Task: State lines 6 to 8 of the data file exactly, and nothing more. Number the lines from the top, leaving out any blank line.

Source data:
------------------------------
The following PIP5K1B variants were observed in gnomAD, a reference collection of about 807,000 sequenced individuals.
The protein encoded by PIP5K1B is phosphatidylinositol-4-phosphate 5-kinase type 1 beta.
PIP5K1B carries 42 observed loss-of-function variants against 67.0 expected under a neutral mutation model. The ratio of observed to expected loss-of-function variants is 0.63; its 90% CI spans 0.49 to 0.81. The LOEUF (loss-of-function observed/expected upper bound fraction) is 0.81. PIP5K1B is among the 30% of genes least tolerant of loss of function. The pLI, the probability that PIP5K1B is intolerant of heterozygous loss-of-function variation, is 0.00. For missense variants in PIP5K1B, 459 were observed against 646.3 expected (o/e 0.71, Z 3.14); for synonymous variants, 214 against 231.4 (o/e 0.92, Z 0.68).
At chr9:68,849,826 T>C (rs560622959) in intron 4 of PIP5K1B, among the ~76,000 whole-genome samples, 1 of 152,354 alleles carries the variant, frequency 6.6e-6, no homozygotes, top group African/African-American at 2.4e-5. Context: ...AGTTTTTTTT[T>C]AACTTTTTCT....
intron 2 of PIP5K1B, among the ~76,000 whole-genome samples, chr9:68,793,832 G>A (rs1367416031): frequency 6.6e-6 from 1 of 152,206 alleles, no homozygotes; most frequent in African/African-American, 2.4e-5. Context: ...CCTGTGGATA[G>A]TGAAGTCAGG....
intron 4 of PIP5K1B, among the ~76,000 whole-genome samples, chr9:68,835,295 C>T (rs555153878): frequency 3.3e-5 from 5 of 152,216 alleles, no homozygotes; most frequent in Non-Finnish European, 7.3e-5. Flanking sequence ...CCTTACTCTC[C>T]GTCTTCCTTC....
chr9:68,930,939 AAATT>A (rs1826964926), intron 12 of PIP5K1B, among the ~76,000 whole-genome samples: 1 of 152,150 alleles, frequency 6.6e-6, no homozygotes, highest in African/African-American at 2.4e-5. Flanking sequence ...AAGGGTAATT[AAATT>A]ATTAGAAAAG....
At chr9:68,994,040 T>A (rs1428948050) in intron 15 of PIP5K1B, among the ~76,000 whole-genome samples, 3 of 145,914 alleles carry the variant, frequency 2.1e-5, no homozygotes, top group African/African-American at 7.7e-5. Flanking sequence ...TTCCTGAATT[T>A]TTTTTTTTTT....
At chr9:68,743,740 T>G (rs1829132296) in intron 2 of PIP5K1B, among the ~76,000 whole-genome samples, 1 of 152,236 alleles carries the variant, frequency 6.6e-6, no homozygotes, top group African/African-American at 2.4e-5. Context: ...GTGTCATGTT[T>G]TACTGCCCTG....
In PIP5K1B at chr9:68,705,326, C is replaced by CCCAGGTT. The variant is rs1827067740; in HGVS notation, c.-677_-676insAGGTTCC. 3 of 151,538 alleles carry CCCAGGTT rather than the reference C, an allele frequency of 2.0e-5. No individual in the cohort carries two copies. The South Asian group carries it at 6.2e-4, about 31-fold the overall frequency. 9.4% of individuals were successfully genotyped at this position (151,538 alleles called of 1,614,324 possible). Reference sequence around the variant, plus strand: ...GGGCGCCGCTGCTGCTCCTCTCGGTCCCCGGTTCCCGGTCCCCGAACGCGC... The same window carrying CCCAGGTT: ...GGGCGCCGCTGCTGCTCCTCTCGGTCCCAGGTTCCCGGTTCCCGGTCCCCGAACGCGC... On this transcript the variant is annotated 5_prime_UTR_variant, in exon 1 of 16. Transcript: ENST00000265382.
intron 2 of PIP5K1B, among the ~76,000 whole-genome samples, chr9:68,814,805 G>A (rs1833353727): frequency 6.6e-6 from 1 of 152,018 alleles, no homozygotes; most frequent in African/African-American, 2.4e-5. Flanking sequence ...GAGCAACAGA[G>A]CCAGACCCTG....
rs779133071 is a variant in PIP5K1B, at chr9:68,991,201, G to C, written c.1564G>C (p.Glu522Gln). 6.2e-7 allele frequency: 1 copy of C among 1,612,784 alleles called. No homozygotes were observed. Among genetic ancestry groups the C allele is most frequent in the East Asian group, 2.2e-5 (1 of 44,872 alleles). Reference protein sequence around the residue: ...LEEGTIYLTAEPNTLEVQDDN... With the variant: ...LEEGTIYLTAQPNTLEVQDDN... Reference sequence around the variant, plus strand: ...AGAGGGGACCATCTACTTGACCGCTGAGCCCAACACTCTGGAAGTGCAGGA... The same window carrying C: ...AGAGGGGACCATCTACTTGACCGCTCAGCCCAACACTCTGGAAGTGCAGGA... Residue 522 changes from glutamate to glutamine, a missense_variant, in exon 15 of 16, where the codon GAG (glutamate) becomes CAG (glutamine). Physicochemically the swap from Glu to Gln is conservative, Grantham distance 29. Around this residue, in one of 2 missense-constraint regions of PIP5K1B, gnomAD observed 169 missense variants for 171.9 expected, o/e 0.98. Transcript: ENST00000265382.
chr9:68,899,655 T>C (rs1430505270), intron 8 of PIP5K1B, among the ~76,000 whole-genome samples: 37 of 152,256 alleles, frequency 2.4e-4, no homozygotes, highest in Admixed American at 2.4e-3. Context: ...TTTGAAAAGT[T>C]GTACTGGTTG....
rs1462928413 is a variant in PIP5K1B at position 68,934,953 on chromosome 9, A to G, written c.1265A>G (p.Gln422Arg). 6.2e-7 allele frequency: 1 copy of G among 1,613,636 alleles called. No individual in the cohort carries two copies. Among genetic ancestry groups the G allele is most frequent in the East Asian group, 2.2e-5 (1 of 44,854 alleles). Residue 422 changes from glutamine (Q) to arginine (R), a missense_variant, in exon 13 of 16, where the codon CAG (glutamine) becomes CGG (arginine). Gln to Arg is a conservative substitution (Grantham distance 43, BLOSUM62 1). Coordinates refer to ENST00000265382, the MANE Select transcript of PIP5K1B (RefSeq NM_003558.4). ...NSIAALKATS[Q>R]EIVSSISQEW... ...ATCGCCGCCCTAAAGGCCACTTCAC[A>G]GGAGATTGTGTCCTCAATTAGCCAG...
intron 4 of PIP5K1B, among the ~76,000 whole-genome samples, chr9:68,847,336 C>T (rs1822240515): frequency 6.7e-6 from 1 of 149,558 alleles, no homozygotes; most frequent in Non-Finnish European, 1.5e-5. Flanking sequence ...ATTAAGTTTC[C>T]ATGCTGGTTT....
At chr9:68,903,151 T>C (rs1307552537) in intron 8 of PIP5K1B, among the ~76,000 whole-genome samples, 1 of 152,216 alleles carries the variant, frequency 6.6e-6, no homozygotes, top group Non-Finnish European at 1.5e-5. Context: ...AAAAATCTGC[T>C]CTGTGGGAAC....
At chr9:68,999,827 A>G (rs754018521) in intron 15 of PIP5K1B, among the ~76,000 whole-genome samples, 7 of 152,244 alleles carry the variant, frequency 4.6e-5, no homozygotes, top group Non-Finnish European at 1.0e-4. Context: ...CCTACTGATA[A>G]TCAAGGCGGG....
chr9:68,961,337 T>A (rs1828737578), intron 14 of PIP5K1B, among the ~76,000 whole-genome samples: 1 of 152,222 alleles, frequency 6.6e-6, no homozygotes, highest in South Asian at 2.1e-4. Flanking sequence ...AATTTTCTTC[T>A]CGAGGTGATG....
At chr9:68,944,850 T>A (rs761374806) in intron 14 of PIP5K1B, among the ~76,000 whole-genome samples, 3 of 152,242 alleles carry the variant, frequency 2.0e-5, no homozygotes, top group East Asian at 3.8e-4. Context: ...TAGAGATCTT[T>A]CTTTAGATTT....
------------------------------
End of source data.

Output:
intron 4 of PIP5K1B, among the ~76,000 whole-genome samples, chr9:68,835,295 C>T (rs555153878): frequency 3.3e-5 from 5 of 152,216 alleles, no homozygotes; most frequent in Non-Finnish European, 7.3e-5. Flanking sequence ...CCTTACTCTC[C>T]GTCTTCCTTC....
chr9:68,930,939 AAATT>A (rs1826964926), intron 12 of PIP5K1B, among the ~76,000 whole-genome samples: 1 of 152,150 alleles, frequency 6.6e-6, no homozygotes, highest in African/African-American at 2.4e-5. Flanking sequence ...AAGGGTAATT[AAATT>A]ATTAGAAAAG....
At chr9:68,994,040 T>A (rs1428948050) in intron 15 of PIP5K1B, among the ~76,000 whole-genome samples, 3 of 145,914 alleles carry the variant, frequency 2.1e-5, no homozygotes, top group African/African-American at 7.7e-5. Flanking sequence ...TTCCTGAATT[T>A]TTTTTTTTTT....